And when I say ‘authority’ I mean, people need to know that you’ve earned your stripes when it comes to your offering.

    And ‘authority’ is also a massive part of Google’s algorithm, when deciding to rank you in their search results or not.

    I’ll go into this in next week’s episode, which is all about SEO or ‘search engine optimisation’.

    Another thing that content is great for is to help people to get a sense for the passion that you have for the industry, and that you’re passionate about sharing, educating and connecting with customers, clients and peers.

    It shows that you give a shit, basically! And that you’re genuinely invested in connecting with people and making their lives better.

    And when you think about it, passion is actually a form of authority. For me at least, how passionate someone is about a particular topic definitely correlates with how much I enjoy their content! Obviously the content needs to have substance, it needs to be accurate. But the passion really sells me on it.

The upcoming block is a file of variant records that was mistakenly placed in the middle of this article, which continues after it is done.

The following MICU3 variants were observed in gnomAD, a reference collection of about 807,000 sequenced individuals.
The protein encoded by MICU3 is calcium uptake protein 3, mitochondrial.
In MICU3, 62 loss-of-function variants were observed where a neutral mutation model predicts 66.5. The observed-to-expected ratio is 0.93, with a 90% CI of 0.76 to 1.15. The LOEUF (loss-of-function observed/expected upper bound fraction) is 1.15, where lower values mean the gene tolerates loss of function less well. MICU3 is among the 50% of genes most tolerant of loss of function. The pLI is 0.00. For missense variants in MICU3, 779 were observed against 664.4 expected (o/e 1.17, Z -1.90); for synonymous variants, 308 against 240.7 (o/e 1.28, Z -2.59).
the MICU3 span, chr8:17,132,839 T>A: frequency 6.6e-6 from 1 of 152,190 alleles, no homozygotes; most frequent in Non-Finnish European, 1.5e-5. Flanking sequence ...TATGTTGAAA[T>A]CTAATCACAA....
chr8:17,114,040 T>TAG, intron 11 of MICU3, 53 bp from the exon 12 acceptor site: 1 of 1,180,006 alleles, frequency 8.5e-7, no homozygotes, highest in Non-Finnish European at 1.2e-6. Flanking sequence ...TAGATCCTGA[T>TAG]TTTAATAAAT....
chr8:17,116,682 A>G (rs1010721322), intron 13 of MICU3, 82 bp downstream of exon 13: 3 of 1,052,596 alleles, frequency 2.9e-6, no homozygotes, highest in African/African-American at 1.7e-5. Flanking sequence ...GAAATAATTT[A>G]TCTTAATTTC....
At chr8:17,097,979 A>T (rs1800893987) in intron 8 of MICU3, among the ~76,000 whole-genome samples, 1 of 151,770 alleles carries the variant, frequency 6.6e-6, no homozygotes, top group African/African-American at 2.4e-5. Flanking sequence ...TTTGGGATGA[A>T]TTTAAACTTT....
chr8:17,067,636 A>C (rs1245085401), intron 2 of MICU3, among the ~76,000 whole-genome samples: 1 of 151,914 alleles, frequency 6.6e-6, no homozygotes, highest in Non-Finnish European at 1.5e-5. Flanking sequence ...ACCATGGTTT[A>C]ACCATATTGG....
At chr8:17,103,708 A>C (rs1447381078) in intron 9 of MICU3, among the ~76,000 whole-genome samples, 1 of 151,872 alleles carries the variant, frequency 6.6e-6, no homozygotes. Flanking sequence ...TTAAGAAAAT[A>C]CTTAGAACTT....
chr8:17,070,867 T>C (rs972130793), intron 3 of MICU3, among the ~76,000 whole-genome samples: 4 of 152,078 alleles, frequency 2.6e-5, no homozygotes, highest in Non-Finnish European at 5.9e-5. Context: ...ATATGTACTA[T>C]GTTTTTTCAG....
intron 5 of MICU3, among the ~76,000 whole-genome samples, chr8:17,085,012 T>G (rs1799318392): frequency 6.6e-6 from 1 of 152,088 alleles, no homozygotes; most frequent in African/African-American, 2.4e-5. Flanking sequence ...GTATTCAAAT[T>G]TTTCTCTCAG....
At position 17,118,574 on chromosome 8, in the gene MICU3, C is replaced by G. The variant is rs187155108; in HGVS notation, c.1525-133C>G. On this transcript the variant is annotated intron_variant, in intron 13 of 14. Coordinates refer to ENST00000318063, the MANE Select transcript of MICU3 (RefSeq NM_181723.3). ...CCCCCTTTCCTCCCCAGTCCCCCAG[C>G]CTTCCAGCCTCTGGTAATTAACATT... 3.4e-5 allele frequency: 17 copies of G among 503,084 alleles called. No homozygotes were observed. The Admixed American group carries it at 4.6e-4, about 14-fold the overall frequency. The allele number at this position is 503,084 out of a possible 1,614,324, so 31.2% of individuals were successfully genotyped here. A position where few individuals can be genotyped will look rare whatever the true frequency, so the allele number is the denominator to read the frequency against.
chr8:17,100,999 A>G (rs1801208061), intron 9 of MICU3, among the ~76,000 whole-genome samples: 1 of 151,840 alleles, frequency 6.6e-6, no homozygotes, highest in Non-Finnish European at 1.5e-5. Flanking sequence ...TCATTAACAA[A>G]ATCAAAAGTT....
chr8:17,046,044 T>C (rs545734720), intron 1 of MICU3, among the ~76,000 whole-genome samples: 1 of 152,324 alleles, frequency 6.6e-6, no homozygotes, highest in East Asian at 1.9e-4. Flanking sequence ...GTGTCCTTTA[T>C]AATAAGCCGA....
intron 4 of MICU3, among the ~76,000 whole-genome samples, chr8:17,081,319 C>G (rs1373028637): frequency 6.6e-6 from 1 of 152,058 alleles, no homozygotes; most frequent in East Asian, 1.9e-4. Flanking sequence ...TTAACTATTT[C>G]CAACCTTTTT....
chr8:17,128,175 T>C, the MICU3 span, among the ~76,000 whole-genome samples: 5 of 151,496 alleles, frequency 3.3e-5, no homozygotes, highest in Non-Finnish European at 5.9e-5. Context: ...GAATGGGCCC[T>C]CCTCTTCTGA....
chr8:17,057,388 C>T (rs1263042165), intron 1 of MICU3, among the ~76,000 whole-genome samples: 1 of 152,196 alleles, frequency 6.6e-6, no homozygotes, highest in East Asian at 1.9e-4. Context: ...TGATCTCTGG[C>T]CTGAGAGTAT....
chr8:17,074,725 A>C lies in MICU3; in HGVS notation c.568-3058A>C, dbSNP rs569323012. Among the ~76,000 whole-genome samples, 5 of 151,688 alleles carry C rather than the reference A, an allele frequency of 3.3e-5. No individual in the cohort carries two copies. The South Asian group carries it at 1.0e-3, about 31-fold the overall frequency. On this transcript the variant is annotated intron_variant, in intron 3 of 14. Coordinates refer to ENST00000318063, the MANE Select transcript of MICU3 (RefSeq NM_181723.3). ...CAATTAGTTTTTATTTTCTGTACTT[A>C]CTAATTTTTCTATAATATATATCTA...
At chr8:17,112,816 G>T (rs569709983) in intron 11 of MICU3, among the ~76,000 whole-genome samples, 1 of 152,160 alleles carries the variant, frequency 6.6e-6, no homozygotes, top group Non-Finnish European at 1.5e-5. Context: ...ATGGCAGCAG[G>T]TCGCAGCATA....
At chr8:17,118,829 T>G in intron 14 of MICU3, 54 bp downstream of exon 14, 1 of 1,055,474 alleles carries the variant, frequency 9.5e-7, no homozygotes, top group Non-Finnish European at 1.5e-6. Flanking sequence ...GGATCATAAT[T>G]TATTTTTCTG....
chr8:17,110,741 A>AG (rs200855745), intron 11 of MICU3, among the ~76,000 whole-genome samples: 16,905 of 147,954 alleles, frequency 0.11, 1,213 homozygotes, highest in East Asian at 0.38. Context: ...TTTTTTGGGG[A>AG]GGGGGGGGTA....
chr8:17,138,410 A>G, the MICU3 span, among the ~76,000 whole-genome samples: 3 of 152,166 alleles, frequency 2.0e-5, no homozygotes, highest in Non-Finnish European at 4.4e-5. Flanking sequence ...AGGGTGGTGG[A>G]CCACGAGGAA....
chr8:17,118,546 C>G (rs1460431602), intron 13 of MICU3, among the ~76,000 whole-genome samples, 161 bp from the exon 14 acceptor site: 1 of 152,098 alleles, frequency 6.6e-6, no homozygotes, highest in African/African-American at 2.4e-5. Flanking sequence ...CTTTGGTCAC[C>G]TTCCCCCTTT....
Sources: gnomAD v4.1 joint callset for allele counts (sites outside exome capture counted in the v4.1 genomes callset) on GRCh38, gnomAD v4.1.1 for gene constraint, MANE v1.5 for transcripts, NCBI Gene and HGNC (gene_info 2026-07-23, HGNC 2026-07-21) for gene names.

Let me give you a few examples of content marketing to build authority; it could be a regular podcast that shares free resources, or could be in the form of a weekly YouTube tutorial or blog article, answering the questions of your client or customer base.

    Or, it could also be a quarterly industry report, survey or case study that peers and colleagues look forward to, that they can use to upskill and keep ‘on-the-pulse’ with current research and trends.

    So that’s number two; creating authority and trust.

    #3 Customer Lifecycle Value

    Ok onto point number three; content marketing allows you to serve your audience throughout their entire journey with you, and not JUST at the beginning.